• #3
      What division?


      • #4
        I didn't see any Cal 20's on the results page??


        • #5
          The little known invisi-division?

          Did the Peckerheads show?


          • #6
            Originally posted by Buzz Light Beer View Post

            Did the Peckerheads show?

            Nope and the decision was made we want nothing to do with the idiot!! At some point we may meet up on a race course but I'm not going to be a part of his on-line drivel anymore!!!


            • #7
              Tom, how in the hell do you represent as the COO of unauthorized sailing? At least we walk the talk, meat!


              • #8
                He has a point.


                • #9
                  I'd like to hear from some of the two dozen boats who were in the race. Counting crew that's 100+ people who were participating. Do NONE of you read this board?

                  How was your race? What went right - what would you do differently? Is anyone else even mildly enthusiastic about what we're doing out there?


                  • #10
                    OK Bob, I'll chime in. I agree, it was a beautiful day on the ocean and I just needed shorts and T shirt under my foulies. Unlike you, we did change up to the #1 when it got light. It seemed to pay off, but maybe we left it a little late to change back down. We were generally trying to work farther out to find wind, and after changing down and lugging the big jib below we were happy to find ourselves just about on the port tack layline. We had lost some ground to boats that we’d passed when it was light, but I’m not sure if it’s because they stayed inshore or because we were overpowered.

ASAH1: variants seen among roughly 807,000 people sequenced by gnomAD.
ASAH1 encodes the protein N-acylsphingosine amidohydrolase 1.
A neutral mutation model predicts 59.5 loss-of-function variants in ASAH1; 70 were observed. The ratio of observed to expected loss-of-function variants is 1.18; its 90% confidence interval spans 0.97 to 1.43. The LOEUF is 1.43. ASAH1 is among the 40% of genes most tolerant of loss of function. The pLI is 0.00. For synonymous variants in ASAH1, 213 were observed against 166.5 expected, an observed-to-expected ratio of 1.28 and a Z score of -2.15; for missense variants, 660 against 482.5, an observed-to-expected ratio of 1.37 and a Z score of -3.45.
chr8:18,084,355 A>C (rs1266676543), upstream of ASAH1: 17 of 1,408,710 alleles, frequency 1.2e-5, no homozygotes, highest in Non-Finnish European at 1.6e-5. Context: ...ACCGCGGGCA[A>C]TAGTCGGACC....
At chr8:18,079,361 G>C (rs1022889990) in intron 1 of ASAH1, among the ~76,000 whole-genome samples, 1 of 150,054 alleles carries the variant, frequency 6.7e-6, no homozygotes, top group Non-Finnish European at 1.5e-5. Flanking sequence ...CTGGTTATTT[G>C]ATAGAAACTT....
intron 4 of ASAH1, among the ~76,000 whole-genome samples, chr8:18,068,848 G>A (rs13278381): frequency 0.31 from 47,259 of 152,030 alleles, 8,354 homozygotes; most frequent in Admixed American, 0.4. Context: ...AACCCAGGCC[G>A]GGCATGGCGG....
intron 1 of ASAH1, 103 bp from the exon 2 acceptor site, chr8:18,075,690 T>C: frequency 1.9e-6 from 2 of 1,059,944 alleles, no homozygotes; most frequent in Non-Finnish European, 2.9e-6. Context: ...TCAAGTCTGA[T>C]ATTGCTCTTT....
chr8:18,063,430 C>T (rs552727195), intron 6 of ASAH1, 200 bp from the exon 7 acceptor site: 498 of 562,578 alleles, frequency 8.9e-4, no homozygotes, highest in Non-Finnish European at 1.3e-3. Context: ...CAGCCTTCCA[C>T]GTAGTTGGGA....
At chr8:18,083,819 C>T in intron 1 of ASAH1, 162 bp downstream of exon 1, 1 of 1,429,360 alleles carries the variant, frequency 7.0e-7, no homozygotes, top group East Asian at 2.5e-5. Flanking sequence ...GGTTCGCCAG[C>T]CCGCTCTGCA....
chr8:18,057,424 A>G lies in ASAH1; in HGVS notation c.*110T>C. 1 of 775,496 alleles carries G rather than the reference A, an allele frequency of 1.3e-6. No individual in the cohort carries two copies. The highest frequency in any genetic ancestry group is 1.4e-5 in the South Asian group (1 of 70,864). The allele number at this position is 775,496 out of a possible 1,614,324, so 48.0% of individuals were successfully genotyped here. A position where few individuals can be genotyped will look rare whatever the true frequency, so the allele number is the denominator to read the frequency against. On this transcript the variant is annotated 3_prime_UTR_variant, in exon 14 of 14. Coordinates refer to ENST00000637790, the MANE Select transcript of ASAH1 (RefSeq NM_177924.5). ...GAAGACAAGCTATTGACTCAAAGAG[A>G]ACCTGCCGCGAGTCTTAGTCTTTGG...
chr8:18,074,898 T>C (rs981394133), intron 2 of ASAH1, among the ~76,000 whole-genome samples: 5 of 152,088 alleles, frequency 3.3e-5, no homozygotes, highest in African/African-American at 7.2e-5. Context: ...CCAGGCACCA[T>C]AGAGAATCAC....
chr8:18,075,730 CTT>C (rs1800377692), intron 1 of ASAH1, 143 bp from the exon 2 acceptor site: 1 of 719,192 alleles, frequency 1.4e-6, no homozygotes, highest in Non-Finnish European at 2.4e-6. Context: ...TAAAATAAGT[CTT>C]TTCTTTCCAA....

I was very tempted to set on the beam reach down to the Lightship, but with my crew Rom a bit queasy we held off. (And I call myself a singlehander?) Anyway, we set after rounding and came in just south of the ship channel, as the boats we could see to the north didn't seem to have much wind. Rom had a nap and a puke and felt a little better, but the wind dying and lifting didn’t help. At Bonita we headed up to the north side where we found more wind and jibed. The South Tower didn’t give us any trouble, but a few minutes later the spinnaker sheet came unshackled during a broach. So we doused and finished meekly with the 3. Fun day.


                    • #11
                      Originally posted by Tonapah Low View Post
                      He has a point.

                      It's not as obvious if he wears a hat...


                      • #12
                        Ahi had a wonderful day, not what we expected based on the NOAA brochure. We were expecting to start with the #1, change down by Bonita and reef before Duxbury with the #4 and a second reef in reserve. Instead we started with the #3, changed up to the #1 before Bonita, and barely changed back down by Duxbury. It was a lovely reach down to the Lightship and we resisted the temptation to hoist. We only saw a couple of asym kites on that leg. We hoisted at the Lightship and slowly worked our way from the south side of the channel to the north. We were at least a couple of minutes ahead of Jim on Green Buffalo at the bucket which we knew would not be enough. On the Lightship race we got as close to catching him as we ever have (under a minute behind) by going north of the channel and the rest of the fleet. This time he took the northern route and we opted to sail as high as we could with the kite. I am pretty sure he would have rolled us anyway, but I still wonder if we should have tried harder to cover.

                        I think our only spinnaker jibe was between Bonita and Diablo and we had an exciting yet mostly controlled headstay reach from there to the finish. We were on the edge but it was manageable. We nearly ran over a port tack Folkboat that just could not understand why we had to be on his race course. Finished 8 minutes behind the Buffalo despite being in front at the Lightship. This did not surprise us.